Saturday, August 9, 2014

Visualizing Geo-Referenced Data With R

Visualizing Geo-Referenced Data With R

Visualizing Geo-Referenced Data With R

Christoph Waldhauser


A key issue in data science is visualization to aid in the telling of stories and the exploration of patterns in data. In this blog post I’m going to look at producing maps that display data with R giving two examples. A large portion of the data of interest to social sciences is actually geo-referenced: election results of electoral districts in a country, worldwide country indicators, locations of conflict hot spots on a map. All these data are screaming for being visualized on maps. I will first outline the required steps for producing maps with geo-referenced data. Then I’ll walk through two examples for two different kinds of geo-referenced data.


Producing publication quality maps entails a number of steps:

  1. Finding maps. While perhaps sounding trivial, it is not so easy to come up with public domain map data that can be used with R. What is required is a data frame that contains the corner points of any borders that should be printed on the map. These borders surround named areas. For example: provincial borders around provinces in a country. This can be produced easily from Shape files that are used with the popular (but proprietary and quite expensive) ArcGIS software package. The maps R package contains a number of maps for the US, Italy, France and New Zealand. It also provides a map of the World.

  2. Finding geo-referenced data. If you came this far, then you probably already have some sort of geo-referenced data. Broadly speaking, these can fall into two categories:

    • Areas surrounded by borders in the region and identified by name
    • Points identified by coordinates in degrees of longitude and latitude
  3. Drafting a plot to tell a story.

  4. Implement the plot using (e.g.) ggplot2.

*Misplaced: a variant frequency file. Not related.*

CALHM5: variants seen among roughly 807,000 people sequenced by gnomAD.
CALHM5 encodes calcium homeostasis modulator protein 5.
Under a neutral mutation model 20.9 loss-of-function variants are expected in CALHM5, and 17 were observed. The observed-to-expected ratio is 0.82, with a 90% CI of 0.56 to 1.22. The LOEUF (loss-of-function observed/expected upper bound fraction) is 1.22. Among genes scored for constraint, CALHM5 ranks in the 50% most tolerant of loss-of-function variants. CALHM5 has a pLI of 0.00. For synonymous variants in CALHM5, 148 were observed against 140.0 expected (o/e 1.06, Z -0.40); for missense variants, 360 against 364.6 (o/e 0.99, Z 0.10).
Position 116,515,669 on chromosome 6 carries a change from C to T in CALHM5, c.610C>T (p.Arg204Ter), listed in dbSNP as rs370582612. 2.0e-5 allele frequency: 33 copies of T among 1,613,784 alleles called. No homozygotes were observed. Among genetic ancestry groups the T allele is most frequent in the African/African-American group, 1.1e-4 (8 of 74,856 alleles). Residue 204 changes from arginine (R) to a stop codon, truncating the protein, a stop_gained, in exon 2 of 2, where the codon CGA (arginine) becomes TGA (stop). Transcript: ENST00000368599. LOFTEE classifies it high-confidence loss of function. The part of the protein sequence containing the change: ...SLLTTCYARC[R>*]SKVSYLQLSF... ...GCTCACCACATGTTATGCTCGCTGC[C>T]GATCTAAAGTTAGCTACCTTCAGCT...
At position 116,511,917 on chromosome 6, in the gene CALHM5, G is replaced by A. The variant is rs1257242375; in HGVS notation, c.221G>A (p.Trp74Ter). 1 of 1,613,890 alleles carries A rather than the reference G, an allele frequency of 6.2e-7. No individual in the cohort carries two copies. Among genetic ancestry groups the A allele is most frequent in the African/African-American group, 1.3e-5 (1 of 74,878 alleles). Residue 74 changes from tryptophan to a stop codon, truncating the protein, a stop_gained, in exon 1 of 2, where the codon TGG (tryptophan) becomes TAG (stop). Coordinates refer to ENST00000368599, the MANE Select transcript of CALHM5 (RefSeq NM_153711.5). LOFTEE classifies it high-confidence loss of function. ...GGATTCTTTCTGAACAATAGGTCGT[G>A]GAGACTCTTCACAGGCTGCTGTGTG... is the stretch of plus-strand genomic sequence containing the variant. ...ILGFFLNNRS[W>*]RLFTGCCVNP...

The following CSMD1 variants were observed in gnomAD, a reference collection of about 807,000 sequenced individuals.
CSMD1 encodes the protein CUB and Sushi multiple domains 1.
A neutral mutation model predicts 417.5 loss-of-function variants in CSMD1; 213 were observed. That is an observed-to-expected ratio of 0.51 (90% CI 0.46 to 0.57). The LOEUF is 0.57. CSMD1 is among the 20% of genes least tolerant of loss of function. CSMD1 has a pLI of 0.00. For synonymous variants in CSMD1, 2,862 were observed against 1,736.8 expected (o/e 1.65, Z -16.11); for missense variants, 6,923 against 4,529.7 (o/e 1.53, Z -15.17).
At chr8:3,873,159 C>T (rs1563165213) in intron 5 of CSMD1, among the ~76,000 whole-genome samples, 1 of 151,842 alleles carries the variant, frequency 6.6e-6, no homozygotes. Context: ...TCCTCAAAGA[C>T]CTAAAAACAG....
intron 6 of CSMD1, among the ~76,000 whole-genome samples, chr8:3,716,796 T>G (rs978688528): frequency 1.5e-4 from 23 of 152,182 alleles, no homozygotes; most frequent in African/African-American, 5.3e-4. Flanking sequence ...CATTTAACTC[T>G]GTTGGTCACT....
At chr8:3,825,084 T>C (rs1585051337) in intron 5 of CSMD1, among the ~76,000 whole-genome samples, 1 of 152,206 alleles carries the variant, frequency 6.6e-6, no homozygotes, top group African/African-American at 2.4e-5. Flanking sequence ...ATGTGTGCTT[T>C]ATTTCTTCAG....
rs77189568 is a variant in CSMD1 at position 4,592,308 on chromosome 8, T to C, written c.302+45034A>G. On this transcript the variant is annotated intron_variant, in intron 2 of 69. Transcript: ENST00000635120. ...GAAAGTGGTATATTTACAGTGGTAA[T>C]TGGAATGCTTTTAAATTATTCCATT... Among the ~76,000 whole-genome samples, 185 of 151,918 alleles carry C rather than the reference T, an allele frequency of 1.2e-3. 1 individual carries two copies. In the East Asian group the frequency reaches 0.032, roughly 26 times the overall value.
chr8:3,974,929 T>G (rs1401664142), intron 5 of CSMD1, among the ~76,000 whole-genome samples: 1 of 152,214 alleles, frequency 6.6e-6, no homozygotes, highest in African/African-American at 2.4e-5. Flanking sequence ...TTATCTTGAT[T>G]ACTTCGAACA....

Area data example

In these examples I’ll produce a number of different maps using R’s standard data sets. The first map will put key indicators of US States on a map. In the terms of the definition I sketched above, these are area data.

Some of R’s maps are organized in the maps R package. If you don’t have it installed yet, it’s only a quick install.packages("maps") away. After installing it, it is still necessary to load it:


As noted above, the maps package provides a number of maps at varying levels of details. However, these maps are stored in a binary format on disk. In order to turn them into a data frame that can be used for plotting, they need to be converted. This can be achieved by ggplot’s map_data function. Let’s first load the ggplot package, we will need it later for plotting the maps as well.


The map_data function requires only the name of the map that should be converted, for the case at hand this is "state". Conceptionally, the data frame is simply a number of points describing the corners, every corner, of a state. This means a set of points identified by longitude and latitude and and order describing the path that is the border around a state. This is accompanied by a group identifier. The group identifier binds together all those points that describe a single area. In most cases this identical with a state. However, if a state territory also encompasses islands, then these islands form their own respective group each. This explains why 50 states yield the 63 unique groups encoded within this data set. The region identifier finally provides the States’ names. This is the variable where we will later merge the geo-referenced data with. There is also another variable, subregion, that in this map is not used.